Turkey has “launched a major military intervention in Syria,” the Guardian reports, dispatching tanks and warplanes to purportedly reclaim the city of Jarabulus, currently held by the Islamic State (ISIS), and to attack Kurdish forces in northeastern Syria.

“At 4am this morning, operations started in the north of Syria against terror groups which constantly threaten our country,” said Turkish President Recep Tayyip Erdoğan in Ankara on Wednesday, according to the Guardian. Turkey’s government classifies Kurdish nationalists as terrorists, although Erdoğan also pointed to a bomb attack that killed 54 in Southern Turkey, which the Turkish regime blamed on ISIS, as justification for Wednesday’s siege in Syria.

Turkey’s onslaught is backed by the U.S., while the Kurdish group that Turkey is targeting, the leftwing Kurdish nationalist YPG, is also backed by the United States.

“If Turkey’s forces drive out ISIS,” observes the Christian Science Monitor, “it could lead to a messy confrontation between the Turkish government and the U.S.-backed YPG.”

And while Turkey has long battled against Kurdish nationalists both within and outside of its borders while the West turned a blind eye, Wednesday marks the first large-scale Turkish military operation against Kurdish militias in Syria.

“Turkey is desperate to halt [an] attempt at Syrian Kurdish consolidation of territory.”
—Juan ColeIt appears the military operation is in part to prevent the creation of a Kurdish-controlled territory on the other side of Turkey’s border. Just days ago, U.S.-allied Kurdish forces successfully overtook the former ISIS stronghold of Manbij—after U.S. bombs killed up to 28 civilians in the northern Syrian city.

“If the YPG took Jarabulus, it would be in a position to close the gap between two Kurdish cantons in the north of Syria and create a united strip of Kurdish control along the Turkish border, which Syrian Kurds refer to as Rojava,” writes Middle East expert Juan Cole. “Turkey is desperate to halt that attempt at Syrian Kurdish consolidation of territory.” There have already been reports of Turkish airstrikes on Syrian Kurds, Cole notes.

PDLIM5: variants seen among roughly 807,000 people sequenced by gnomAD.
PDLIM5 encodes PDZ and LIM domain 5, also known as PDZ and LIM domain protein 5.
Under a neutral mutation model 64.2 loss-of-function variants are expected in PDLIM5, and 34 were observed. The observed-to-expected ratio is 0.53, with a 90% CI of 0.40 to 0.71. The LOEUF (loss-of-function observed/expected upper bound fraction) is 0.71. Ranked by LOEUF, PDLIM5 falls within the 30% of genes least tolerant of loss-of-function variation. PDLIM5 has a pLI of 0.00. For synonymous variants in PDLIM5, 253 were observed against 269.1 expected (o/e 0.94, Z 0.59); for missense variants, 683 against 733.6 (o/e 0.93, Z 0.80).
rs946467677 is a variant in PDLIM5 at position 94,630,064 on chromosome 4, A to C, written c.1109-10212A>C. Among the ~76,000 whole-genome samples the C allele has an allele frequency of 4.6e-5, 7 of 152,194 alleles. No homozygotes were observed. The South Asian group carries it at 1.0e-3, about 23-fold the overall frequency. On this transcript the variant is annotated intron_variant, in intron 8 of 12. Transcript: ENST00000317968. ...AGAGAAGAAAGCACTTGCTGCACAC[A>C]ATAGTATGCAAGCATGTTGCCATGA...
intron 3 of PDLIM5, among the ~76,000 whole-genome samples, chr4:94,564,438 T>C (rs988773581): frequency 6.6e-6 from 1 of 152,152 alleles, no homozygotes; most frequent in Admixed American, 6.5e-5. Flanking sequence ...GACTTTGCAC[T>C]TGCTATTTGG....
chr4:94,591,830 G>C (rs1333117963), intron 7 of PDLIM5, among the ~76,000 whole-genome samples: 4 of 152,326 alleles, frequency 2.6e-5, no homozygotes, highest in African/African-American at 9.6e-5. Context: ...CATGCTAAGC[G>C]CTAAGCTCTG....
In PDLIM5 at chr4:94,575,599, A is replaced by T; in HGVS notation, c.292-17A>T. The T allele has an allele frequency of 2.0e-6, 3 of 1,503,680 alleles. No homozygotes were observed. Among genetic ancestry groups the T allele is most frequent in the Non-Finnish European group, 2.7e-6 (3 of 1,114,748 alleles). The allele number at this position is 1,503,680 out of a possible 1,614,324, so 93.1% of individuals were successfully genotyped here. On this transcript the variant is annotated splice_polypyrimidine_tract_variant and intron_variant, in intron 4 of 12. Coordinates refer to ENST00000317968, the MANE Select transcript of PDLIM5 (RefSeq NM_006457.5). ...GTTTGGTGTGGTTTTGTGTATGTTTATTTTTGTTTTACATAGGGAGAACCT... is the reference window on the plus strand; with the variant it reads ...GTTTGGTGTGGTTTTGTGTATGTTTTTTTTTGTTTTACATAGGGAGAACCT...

“Kurdish gains along the Turkish border have been anathema to Erdoğan’s government, which had restarted its war against the Kurdish population inside Turkey as well as against [Kurdish] PKK camps in Iraq,” argues commentator Vijay Prashad. “It was this war that opened up tensions between Washington and Ankara, with the former uneasy with the Turkish assault on some of the main groups that had been fighting [ISIS].”

Vice President Joe Biden is also currently in Ankara, reportedly to assure Erdoğan that the U.S. is not behind the country’s recent failed military coup, and to request that Turkey “step up to do its part” against ISIS, Cole notes.

If Turkey has agreed to target ISIS to assuage D.C. politicians, it seems that Washington may be threatening to pull support from the Kurds in order to assuage Turkey: the AP reported Wednesday that Biden has ordered U.S.-backed Kurdish militias to give up territory and “move back across” the Euphrates River, as Turkey desires, or risk losing U.S. support.

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